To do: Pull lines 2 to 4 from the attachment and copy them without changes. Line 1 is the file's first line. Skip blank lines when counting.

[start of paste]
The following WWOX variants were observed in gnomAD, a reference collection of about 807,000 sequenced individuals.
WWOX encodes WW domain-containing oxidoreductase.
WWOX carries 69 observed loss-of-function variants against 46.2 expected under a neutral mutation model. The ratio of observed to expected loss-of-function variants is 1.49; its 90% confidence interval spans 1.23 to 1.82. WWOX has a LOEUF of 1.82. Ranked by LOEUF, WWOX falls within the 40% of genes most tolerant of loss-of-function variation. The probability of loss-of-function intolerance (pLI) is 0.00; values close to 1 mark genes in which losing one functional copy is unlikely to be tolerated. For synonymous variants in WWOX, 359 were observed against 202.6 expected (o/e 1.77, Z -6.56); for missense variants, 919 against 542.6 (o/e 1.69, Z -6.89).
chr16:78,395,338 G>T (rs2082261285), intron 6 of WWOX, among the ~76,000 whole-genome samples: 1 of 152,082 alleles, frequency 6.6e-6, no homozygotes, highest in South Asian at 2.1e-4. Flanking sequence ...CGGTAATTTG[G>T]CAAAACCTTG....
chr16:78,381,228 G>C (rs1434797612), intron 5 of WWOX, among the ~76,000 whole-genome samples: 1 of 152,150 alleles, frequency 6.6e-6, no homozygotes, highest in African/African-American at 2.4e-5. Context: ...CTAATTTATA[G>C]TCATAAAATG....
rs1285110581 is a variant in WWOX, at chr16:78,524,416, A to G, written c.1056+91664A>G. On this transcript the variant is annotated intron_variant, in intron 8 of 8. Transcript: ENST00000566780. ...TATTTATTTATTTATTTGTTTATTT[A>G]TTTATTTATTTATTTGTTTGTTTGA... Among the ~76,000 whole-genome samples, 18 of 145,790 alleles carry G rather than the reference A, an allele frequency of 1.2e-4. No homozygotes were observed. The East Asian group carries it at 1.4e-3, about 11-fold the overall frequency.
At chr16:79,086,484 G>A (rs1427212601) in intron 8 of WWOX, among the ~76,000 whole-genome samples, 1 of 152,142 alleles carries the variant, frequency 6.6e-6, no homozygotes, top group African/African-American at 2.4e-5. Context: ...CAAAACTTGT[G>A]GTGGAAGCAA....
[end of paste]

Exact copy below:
WWOX encodes WW domain-containing oxidoreductase.
WWOX carries 69 observed loss-of-function variants against 46.2 expected under a neutral mutation model. The ratio of observed to expected loss-of-function variants is 1.49; its 90% confidence interval spans 1.23 to 1.82. WWOX has a LOEUF of 1.82. Ranked by LOEUF, WWOX falls within the 40% of genes most tolerant of loss-of-function variation. The probability of loss-of-function intolerance (pLI) is 0.00; values close to 1 mark genes in which losing one functional copy is unlikely to be tolerated. For synonymous variants in WWOX, 359 were observed against 202.6 expected (o/e 1.77, Z -6.56); for missense variants, 919 against 542.6 (o/e 1.69, Z -6.89).
chr16:78,395,338 G>T (rs2082261285), intron 6 of WWOX, among the ~76,000 whole-genome samples: 1 of 152,082 alleles, frequency 6.6e-6, no homozygotes, highest in South Asian at 2.1e-4. Flanking sequence ...CGGTAATTTG[G>T]CAAAACCTTG....